In the spring of 2012 Reuter streamed his recording of "Todmorden 513" on Facebook and asked for assistance in creating an orchestral version. American conductor and composer Thomas A. Blomster (the director of the Colorado Chamber Orchestra) responded, and began working with Reuter on a full orchestral score.[9] In January 2013, Reuter visited Blomster in Denver, Colorado and the two men worked with the Colorado Chamber Orchestra on a read-through of the initial draft score. Blomster's new orchestration involved a large orchestra with a substantial percussion section (including chimes, "huge sleigh bells" and even a wind machine) plus a "large contingent" of wind instruments as well as strings.[7] Jungerman has commented "this orchestration brings out the melodic dimension of the piece as it is passed from instrument to instrument in ever-changing colors, reminding one strongly of the Klangfarbenmelodie techniques of Berg and Webern early in the 20th century."[7]

Both Reuter and Blomster have labelled the new version of "Todmorden 513" as a concerto for orchestra. Blomster: "There are fifty unique parts or musical lines, one per musician with very little duplication. Each of these parts are solo parts, and demand absolute precision and discipline on the part of each individual performer. At the same time, each part/performer is a part of either a trio or quartet, demanding sensitive chamber playing from the musicians. Finally, each individual musician and trio or quartet are part of the large orchestra that is created by combining the smaller groups together. Markus and I chose not to put any dynamic markings in the score; so the final demand on the orchestra musicians is that they balance themselves, so a tuba or trumpet player must be aware not to overpower a single violin playing their individual part."[10]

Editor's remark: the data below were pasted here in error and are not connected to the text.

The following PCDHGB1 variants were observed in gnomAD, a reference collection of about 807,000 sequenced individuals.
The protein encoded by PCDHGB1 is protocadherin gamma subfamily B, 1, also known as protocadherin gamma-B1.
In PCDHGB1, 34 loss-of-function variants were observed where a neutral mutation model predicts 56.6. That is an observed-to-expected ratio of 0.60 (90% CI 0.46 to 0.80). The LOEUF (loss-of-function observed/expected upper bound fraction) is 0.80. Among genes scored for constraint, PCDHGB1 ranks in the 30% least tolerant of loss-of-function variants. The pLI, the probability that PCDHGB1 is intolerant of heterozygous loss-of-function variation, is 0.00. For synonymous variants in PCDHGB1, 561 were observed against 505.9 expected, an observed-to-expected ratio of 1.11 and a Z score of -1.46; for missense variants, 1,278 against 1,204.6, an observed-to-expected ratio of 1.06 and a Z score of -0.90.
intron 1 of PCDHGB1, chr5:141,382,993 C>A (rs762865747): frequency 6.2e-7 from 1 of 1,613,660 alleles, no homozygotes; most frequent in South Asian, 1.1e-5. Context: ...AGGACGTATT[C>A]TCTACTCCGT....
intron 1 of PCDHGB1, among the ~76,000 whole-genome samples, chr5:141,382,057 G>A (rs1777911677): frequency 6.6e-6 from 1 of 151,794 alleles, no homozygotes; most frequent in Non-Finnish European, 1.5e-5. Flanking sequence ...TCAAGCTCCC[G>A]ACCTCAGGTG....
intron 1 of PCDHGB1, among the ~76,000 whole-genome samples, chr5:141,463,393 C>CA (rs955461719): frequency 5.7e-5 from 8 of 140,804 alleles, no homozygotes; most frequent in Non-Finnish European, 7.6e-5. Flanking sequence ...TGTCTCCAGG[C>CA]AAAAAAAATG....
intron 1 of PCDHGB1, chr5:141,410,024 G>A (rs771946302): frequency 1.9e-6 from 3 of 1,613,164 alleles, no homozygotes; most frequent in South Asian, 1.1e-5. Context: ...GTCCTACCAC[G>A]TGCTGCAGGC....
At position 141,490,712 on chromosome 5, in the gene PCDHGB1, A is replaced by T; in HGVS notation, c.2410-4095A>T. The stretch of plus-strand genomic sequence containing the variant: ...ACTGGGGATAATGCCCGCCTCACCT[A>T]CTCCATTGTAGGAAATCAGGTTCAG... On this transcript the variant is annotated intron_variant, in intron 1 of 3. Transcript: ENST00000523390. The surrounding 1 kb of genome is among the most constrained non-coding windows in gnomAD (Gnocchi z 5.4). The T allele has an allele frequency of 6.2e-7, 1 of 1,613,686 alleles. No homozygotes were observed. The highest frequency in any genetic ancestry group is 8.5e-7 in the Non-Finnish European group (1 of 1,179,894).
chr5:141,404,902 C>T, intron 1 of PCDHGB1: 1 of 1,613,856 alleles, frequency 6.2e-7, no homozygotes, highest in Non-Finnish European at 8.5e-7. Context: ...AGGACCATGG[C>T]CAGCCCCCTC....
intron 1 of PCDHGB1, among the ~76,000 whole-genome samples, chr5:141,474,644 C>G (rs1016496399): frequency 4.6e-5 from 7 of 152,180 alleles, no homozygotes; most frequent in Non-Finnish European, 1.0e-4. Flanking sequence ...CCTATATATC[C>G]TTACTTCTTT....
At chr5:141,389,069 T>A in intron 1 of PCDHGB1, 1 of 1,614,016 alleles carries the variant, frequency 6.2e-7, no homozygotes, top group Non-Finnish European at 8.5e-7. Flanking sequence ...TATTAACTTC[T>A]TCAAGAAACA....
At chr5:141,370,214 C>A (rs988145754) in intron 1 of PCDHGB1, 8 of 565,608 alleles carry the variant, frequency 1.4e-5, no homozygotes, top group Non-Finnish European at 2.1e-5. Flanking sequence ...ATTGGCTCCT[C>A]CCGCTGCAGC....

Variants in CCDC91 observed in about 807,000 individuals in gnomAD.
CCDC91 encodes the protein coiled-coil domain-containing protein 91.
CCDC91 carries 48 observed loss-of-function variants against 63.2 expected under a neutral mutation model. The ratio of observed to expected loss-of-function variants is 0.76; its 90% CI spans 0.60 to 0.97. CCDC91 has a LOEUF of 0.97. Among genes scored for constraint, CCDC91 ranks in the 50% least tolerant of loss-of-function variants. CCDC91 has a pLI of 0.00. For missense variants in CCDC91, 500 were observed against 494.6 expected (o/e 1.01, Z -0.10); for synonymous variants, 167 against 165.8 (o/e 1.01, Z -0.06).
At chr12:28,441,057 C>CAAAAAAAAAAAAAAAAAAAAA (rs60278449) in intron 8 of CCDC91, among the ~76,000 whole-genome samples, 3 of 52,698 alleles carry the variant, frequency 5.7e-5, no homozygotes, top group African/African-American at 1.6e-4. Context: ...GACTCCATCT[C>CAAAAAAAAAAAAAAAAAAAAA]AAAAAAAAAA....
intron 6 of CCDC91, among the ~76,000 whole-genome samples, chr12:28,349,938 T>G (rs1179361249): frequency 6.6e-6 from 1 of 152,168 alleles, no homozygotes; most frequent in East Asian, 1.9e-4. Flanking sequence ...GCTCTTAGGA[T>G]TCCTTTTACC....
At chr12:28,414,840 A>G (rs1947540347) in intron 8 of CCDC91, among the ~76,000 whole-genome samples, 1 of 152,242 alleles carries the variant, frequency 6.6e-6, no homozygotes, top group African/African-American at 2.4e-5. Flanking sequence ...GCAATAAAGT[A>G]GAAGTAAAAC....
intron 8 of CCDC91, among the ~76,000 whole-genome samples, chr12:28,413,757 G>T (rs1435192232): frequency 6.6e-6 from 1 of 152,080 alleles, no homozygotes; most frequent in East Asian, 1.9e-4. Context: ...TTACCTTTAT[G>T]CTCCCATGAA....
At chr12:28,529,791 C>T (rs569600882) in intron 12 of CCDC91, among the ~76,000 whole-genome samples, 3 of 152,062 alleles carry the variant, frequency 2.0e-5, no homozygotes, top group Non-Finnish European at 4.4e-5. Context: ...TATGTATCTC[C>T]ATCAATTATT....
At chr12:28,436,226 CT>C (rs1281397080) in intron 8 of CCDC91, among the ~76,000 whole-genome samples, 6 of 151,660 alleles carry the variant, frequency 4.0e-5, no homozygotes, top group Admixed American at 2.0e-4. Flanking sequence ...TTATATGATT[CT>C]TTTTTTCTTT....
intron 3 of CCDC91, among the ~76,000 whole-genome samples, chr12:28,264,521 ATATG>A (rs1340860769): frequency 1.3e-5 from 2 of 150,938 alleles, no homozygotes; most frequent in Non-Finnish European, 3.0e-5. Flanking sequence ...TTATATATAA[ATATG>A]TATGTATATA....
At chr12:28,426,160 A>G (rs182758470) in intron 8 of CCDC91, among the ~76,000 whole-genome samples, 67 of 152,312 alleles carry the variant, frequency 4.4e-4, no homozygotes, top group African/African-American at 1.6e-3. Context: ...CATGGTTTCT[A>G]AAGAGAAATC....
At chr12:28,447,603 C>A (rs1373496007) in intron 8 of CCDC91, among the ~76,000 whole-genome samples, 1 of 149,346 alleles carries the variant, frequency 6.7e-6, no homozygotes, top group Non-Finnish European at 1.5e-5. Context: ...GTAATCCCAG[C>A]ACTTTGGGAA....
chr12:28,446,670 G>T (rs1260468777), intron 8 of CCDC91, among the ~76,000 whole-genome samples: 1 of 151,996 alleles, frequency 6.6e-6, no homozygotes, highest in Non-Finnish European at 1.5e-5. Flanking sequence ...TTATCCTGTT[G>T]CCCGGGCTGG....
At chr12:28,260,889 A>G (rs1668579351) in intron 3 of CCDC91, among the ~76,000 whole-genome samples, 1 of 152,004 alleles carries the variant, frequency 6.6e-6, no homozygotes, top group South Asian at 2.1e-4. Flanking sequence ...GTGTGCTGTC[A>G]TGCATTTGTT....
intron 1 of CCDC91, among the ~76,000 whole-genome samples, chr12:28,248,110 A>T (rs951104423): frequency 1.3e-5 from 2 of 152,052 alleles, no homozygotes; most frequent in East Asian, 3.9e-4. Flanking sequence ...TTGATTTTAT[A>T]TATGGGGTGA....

Reuter has also stressed the psychological component of the piece, in performance. "When Thomas Blomster and I worked on the orchestration for "Todmorden 513" (we) were looking for a word to summarize the way each part should be played by each instrumentalist. Eventually we came up with the word "normal", which surprised us, but that's really how musical pieces should be performed - at the very least when in the process of getting to know the music."[2]

The orchestral version of "Todmorden 513" was premiered by the Colorado Chamber Orchestra on April 18, 2013 in a concert at the King Center Concert Hall, Auraria Campus, Denver, Colorado. The piece was the second of two compositions played at the concert, the other being Gregory T.S. Walker's Global Solstice which was played as the concert opener.[11][12]


Original electro-acoustic version[edit]


Todmorden 513
Studio album by
ReleasedJanuary 1, 2011
GenreElectro-acoustic music, contemporary classical music, experimental music
ProducerMarkus Reuter
Markus Reuter chronology
Todmorden 513

Track listing[edit]

All tracks are written by Markus Reuter (assistant composers: Philipp Quaet-Faslem, Tobias Reber).




Other personnel:

  • Markus Reuter - producer
  • Bernhard Wöstheinrich, Markus Reuter – executive producers
  • Ritxi Ostáriz - art direction, design[15]
  • Henry Warwick - liner notes
  • Robert Rich - mixing
  • Andreu Balius - typography

Orchestral version[edit]

Following their 2013 premiere concert performance of the orchestral version of "Todmorden 513", the Colorado Chamber Orchestra made a studio recording. This has been mastered by Alexander Jöchtl (former chief sound engineer of the Salzburger Festspiele) for future release.[16] David Torn will be overdubbing solo guitar parts on one potential version of this release, doubling the flugelhorn part.[17]

External links[edit]